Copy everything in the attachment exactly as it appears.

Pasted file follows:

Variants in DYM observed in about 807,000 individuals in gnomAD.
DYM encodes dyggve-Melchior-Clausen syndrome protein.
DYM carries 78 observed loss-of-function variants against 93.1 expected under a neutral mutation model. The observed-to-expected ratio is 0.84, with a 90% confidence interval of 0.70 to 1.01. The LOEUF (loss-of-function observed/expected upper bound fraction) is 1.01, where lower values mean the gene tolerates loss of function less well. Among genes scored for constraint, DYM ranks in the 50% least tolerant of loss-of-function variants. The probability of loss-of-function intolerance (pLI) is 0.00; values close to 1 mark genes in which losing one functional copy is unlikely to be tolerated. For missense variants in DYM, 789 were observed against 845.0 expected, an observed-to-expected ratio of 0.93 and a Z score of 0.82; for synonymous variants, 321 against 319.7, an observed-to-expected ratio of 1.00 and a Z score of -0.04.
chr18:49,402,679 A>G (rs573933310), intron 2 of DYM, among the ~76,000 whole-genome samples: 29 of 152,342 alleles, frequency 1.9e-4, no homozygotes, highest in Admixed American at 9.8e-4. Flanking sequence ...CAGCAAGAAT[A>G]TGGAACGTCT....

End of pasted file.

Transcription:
Variants in DYM observed in about 807,000 individuals in gnomAD.
DYM encodes dyggve-Melchior-Clausen syndrome protein.
DYM carries 78 observed loss-of-function variants against 93.1 expected under a neutral mutation model. The observed-to-expected ratio is 0.84, with a 90% confidence interval of 0.70 to 1.01. The LOEUF (loss-of-function observed/expected upper bound fraction) is 1.01, where lower values mean the gene tolerates loss of function less well. Among genes scored for constraint, DYM ranks in the 50% least tolerant of loss-of-function variants. The probability of loss-of-function intolerance (pLI) is 0.00; values close to 1 mark genes in which losing one functional copy is unlikely to be tolerated. For missense variants in DYM, 789 were observed against 845.0 expected, an observed-to-expected ratio of 0.93 and a Z score of 0.82; for synonymous variants, 321 against 319.7, an observed-to-expected ratio of 1.00 and a Z score of -0.04.
chr18:49,402,679 A>G (rs573933310), intron 2 of DYM, among the ~76,000 whole-genome samples: 29 of 152,342 alleles, frequency 1.9e-4, no homozygotes, highest in Admixed American at 9.8e-4. Flanking sequence ...CAGCAAGAAT[A>G]TGGAACGTCT....